These days a week doesn’t pass by without there being a day dedicated to raising awareness for something, and two in the past week crept up and flew past without me realising, despite seeing a photo of myself and one of my best mates being used to promote one of them a couple of weeks ago.
Thursday was World Mental Health Day and the following day National Coming Out Day. On the face of it two different causes championing different ideas but both of them dealing with the subject of stigma, and I personally believe the two are interlinked further than a simple fight for equality and tolerance in society.
In the UK the lgbt community are more equal in society than they have ever been, but there is still a long way to go until we are as equal as our heterosexual counterparts. When growing up heterosexual teenagers never have to sit their parents down or pen a letter and tell them that they are straight, so why should lgbt teenagers have to discuss their sexuality or gender as if it is something unusual. Just because there are less of us does not mean we should be less equal. So it doesn’t shock me that what with having to deal with homophobia, discrimination and bullying that lgbt people, in particular the younger generation are more likely to suffer from mental health issues.
Living in a world where your feelings can make you feel abnormal and different to your friends and family can’t be good for the mind. Before coming out I was worried that I had let people down, that I was going to be a disappointment, and even when it was obvious my family still accepted me for who I am I still struggled with identity issues and being happy with myself and my body.
So when six years later I found out I was HIV Positive I was concerned that if I disclosed to a lot of people I’d face potential prejudice again and also I would start to feel depressed again. I think that’s why I decided from the start that I had to get my head around the virus and deal with my own issues with HIV before I started to deal with other people’s problems or questions with it.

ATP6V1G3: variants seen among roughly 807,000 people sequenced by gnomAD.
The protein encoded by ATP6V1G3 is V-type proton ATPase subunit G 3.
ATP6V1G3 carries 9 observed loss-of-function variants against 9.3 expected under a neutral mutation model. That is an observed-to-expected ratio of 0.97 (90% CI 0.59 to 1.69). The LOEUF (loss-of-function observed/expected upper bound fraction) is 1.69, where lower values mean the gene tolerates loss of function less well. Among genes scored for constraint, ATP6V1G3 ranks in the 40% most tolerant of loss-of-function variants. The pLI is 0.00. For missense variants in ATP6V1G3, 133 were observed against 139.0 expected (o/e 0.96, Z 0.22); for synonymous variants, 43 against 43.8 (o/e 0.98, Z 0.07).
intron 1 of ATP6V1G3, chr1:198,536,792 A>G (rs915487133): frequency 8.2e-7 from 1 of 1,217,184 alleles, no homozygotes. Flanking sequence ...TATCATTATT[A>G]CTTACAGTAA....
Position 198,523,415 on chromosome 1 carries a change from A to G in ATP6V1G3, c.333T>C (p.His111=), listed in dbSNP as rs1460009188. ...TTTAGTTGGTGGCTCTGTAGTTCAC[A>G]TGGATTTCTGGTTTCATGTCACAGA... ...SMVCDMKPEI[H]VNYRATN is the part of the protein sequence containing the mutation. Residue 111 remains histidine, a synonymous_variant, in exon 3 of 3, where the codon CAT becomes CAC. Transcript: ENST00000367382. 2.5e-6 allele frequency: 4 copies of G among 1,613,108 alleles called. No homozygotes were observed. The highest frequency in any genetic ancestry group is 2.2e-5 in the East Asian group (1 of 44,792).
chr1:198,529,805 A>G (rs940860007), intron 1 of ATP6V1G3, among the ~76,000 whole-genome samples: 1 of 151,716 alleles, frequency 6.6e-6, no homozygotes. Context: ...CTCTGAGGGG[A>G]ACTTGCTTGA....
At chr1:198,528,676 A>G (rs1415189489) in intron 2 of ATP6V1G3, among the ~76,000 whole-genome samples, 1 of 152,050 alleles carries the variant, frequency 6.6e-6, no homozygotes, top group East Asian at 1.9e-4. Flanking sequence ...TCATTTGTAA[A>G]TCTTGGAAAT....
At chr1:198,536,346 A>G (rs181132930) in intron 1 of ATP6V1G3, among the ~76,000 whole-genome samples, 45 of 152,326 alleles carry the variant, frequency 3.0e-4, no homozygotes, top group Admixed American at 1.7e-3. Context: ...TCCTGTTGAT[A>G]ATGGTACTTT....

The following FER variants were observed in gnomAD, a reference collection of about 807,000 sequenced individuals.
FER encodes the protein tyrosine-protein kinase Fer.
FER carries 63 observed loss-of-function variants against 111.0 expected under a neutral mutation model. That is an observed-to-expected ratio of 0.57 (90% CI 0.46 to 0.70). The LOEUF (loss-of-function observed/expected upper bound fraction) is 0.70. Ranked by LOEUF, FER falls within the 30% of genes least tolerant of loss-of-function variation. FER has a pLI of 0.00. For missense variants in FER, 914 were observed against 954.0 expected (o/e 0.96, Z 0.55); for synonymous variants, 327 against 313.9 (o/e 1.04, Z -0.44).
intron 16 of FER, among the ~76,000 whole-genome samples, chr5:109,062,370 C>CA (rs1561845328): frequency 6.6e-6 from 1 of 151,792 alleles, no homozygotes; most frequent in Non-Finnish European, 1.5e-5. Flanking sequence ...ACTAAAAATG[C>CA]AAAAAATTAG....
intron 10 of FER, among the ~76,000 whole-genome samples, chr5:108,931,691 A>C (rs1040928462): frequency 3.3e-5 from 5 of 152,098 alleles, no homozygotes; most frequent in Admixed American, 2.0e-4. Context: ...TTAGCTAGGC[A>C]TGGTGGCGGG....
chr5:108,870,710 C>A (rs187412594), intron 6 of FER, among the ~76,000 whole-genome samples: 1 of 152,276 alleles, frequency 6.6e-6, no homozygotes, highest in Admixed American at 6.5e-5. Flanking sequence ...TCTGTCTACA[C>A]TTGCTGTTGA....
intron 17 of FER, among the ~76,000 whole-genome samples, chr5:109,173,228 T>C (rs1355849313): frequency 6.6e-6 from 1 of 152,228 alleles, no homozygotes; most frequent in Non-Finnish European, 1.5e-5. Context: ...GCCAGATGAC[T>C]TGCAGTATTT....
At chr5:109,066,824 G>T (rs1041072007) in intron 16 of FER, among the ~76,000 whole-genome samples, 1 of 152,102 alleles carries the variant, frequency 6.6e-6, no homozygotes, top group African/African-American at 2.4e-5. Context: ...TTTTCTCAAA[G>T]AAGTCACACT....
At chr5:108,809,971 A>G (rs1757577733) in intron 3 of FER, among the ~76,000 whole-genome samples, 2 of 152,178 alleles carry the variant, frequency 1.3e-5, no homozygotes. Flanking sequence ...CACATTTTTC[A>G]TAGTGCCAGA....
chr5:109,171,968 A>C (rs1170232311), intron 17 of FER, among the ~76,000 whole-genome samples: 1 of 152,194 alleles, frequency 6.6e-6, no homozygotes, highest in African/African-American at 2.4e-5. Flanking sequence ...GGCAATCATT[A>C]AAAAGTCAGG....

I knew when the time was right and that’s why last year I came out again, this time not as a gay guy but a guy living with HIV. Instead of feeling anxious and worried I felt liberated and free, no longer hiding something that didn’t matter that much to me, that I wasn’t afraid of and a secret that was stopping me from reaching out to people in the hope that my story might touch someone and make them think about how they’re living their life, and maybe stop a potential diagnosis.
The issue with awareness days is that people stop and think about the people and causes concerned for a little while, but then they’re soon forgotten. Whether it’s depression, coming to terms with being gay, being worried about telling your friends and family or living with a virus, those that do don’t just endure it for one day, the feelings, memories, mental or physical scars will stay with them for a long time or even for life. It’s a hard ask but if people were a little more aware that we are all different, each doing their own thing, we’d have solved half of the issues that ALL the awareness days stand for just like that!